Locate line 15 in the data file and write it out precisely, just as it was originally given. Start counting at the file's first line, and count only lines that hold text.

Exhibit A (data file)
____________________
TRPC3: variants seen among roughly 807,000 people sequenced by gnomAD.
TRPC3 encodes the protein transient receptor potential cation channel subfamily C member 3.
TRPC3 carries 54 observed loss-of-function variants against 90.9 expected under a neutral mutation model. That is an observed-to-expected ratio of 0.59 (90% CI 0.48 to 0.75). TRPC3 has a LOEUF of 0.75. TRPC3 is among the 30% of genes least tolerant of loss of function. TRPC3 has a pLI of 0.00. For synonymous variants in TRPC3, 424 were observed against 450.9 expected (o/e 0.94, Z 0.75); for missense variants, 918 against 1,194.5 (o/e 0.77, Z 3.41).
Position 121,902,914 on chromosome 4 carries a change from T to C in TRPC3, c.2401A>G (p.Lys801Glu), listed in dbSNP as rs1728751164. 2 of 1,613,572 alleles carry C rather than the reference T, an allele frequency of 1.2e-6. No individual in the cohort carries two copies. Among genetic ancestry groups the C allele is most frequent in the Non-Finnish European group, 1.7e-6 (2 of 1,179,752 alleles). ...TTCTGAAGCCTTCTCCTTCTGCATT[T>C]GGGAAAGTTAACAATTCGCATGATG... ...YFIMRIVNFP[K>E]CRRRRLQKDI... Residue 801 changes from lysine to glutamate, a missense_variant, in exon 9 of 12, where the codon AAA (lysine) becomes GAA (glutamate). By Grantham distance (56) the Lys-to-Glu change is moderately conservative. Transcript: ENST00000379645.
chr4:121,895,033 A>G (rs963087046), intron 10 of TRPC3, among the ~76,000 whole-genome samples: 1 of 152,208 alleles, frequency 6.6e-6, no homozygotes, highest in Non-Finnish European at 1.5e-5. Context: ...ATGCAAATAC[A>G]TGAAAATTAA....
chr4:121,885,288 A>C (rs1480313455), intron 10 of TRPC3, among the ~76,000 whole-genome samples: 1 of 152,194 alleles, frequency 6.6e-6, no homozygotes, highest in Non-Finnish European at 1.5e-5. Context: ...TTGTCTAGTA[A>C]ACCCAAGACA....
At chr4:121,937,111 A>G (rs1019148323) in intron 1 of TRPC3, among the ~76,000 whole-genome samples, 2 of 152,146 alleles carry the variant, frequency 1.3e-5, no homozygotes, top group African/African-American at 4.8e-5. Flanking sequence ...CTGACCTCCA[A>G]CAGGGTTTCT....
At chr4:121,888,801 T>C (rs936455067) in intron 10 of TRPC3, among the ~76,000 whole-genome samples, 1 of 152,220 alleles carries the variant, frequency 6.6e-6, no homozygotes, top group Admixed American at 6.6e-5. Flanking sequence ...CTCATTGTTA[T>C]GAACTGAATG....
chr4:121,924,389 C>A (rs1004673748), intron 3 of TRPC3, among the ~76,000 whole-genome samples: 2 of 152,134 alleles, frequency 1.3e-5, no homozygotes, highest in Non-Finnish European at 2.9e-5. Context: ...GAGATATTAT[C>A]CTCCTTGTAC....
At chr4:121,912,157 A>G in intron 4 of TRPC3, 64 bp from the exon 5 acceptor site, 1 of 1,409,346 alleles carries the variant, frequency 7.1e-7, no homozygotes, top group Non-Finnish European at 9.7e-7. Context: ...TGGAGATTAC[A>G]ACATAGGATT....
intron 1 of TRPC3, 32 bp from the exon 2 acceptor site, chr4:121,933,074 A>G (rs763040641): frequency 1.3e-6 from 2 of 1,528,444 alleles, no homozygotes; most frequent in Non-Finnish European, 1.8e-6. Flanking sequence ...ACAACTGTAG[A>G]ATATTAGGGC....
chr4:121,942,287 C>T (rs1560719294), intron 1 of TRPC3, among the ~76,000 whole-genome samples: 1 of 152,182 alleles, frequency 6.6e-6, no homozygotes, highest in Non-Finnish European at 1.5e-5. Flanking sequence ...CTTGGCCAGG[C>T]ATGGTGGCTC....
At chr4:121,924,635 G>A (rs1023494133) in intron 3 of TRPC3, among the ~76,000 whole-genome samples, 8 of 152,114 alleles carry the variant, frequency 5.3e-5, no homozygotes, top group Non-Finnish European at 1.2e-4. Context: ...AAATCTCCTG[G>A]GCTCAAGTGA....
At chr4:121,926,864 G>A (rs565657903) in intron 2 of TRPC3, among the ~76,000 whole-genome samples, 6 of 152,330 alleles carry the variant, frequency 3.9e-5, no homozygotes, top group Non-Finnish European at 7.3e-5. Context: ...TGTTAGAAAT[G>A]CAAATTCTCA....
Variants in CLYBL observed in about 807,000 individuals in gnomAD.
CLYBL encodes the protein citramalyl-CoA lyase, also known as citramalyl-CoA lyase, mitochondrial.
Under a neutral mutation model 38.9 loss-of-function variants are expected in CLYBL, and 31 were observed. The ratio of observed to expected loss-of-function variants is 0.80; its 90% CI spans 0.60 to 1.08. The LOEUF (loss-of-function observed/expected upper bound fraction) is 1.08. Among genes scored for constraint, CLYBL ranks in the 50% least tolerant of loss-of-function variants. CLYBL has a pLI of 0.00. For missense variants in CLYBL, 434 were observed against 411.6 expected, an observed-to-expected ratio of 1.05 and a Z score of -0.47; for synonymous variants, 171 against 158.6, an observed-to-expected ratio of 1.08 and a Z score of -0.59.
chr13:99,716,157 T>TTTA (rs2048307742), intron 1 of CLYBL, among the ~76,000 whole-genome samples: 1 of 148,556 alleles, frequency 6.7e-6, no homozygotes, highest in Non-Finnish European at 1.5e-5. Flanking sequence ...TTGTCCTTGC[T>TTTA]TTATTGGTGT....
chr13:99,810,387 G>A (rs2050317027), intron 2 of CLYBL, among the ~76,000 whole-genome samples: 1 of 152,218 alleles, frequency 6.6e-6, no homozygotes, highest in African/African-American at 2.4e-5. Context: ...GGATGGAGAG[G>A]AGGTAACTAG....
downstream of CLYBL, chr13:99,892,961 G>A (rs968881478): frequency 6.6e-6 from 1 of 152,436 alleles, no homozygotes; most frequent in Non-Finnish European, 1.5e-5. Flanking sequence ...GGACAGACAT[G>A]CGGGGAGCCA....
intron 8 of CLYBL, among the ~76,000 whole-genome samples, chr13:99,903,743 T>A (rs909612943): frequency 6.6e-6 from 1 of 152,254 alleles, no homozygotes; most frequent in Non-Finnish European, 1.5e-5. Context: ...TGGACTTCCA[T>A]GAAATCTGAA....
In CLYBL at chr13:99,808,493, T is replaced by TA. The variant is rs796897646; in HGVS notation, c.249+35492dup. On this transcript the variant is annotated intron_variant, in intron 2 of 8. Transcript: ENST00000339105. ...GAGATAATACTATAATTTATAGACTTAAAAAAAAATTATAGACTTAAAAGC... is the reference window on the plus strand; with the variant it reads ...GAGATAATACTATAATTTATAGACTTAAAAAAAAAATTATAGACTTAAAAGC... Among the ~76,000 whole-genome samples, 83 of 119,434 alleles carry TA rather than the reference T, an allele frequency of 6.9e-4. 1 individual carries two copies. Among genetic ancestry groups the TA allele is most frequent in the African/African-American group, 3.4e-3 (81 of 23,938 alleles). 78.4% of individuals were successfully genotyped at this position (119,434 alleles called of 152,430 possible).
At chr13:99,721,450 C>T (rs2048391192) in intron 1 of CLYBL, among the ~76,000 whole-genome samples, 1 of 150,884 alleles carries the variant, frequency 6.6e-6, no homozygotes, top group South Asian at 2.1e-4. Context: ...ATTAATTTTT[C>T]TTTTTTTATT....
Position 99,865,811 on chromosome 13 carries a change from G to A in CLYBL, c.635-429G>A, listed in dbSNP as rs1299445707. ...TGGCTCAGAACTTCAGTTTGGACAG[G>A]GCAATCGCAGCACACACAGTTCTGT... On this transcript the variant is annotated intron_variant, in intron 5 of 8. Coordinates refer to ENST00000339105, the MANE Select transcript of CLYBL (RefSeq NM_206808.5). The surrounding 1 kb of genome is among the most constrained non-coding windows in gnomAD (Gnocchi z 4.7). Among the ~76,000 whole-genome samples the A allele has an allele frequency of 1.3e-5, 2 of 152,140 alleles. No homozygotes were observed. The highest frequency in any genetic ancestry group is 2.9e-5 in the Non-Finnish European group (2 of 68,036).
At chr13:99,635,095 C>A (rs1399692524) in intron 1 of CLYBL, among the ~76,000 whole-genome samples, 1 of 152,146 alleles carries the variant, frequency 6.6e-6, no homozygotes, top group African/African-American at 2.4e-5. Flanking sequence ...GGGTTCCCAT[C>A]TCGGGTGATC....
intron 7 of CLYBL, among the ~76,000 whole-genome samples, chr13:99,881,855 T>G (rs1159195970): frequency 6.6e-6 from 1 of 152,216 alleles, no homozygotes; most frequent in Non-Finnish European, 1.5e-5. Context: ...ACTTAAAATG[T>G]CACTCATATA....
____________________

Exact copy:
Variants in CLYBL observed in about 807,000 individuals in gnomAD.